Bangkok became the cheapest office location in Asia Pacific despite the increase in average rents by 5.3 per cent year-on-year for prime grade A CBD office buildings, according to CBRE Global Research and Consulting’s semi-annual Prime Office Occupancy Costs survey.
In contrast, Hong Kong remained the highest priced market in the world for the third consecutive year, with three other Asian markets including Hong Kong-West Kowloon and Tokyo in the top five most expensive office locations – reflecting the growing dominance of the region in the global economic scene.
Out of the 127 cities surveyed, Bangkok was ranked at 115th, with the rent of Bt842 per square metre per month. It is 12 positions below Manila and 69 positions below Jakarta, becoming the cheapest in Asia Pacific.
“Bangkok office rents increased for both grade A and grade B offices in CBD and non-CBD areas. The total amount of completed office space is 8.1million square metres and the total take up in Q1 2013 was 35,000 square metres. Around 500,000 square metres of space is expected to be completed in all areas over the next three years. Almost half of this space will be owner occupied and there will be only two new CBD grade A buildings. Rents for prime buildings in Bangkok are going to continue to rise,” said Nithipat Tongpun, Executive Director – Head of Office Services at CBRE Thailand.
In contrast, Hong Kong-Central’s overall occupancy costs Bt6,539 per square metre per month. Beijing’s Finance Street (Bt5,422), Beijing’s Jianguomen CBD (Bt5, 200) and New Delhi’s Connaught Place CBD (Bt4,974) rounded out the top five. New York’s Midtown Manhattan (10th) returned to the top ten markets for the first time since early 2012, joined by Moscow (7th) and London’s City (9th).
Globally, occupancy costs rose by a scant 1.4 per cent on a year-over-year basis as modest growth in the Americas and Asia Pacific was partly offset by a slight decrease in recessionary Europe. However, the modest global average uptick masked significant increases in markets like Jakarta, Indonesia and suburban Houston, Texas, which posted increases of 38.9 per cent and 21.2 per cent, respectively.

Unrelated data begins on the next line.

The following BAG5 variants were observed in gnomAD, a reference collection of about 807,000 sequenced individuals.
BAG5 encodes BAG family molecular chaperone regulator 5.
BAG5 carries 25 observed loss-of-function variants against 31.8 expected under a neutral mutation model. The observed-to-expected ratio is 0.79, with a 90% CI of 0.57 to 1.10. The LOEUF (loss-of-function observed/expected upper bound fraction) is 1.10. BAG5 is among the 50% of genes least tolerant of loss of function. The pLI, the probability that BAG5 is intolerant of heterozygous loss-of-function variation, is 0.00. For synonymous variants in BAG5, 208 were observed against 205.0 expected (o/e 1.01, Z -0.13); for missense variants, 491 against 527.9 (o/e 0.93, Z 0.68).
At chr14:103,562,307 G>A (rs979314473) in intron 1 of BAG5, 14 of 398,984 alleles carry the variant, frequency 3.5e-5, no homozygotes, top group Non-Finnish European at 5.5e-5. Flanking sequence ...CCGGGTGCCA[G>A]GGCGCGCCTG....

“While the pace of occupancy cost growth globally has slowed, limited supply of prime space in key core business centres has fuelled continuous upward movement of occupancy costs,” said Dr. Raymond Torto, CBRE’s Global Chief Economist. “The most expensive office markets often attract the regional headquarters of large multinational firms that require a prime location in a prestigious building with access to major global and regional transit routes.”
CBRE tracks occupancy costs for prime office space in 127 markets around the globe. Of the top 50 “most expensive” markets, 21 are in Asia-Pacific, 18 are in EMEA and 11 in the Americas.
In Asia Pacific, Hong Kong Central’s position as the most expensive office market continues to be bolstered by its status as a leading global financial centre. Although financial institutions have become more cost sensitive, with some considering relocating to less expensive space outside the CBD, high-quality and premium space is still sought after, especially by mainland Chinese firms which are increasingly setting up their offices in Hong Kong (Central) in prestigious buildings.
Asia also had the markets with both the sharpest annual increase and decrease among the markets tracked. Jakarta’s 38.9 per cent increase (to Bt1,737 per square metre) was driven by a substantial recovery in domestic demand in the wake of Indonesian sovereign debt’s return to investment-grade status, which energised leveraged investment initiatives and drove up demand for prime office space across the capital. Singapore experienced the largest annual decrease worldwide (-16.3 per cent) due, in part, to increases in both new supply and the availability of lower-priced secondary space. The bulk of the rental decline occurred in early 2012, with only minimal rental corrections in the second half of 2012 and in the first quarter of 2013.
Top Ten Most Expensive Markets
Rank /Market/Occupancy cost (in baht per square metre per month)
1 Hong Kong (Central), Hong Kong /6,539
2 London – Central (West End), United Kingdom/6,187
3 Beijing (Finance Street), China/ 5,422
4 Beijing (CBD), China/5,200
5 New Delhi (Connaught Place – CBD), India/ 4,974
6 Hong Kong (West Kowloon), Hong Kong /4,834
7 Moscow, Russian Federation /4,588
8 Tokyo (Marunouchi/Otemachi), Japan/ 4,480
9 London – Central (City), United Kingdom/ 3,695
10 New York (Midtown Manhattan),US/3,354
Source: CBRE Global Research and Consulting, Q1 2013
Source: The Nation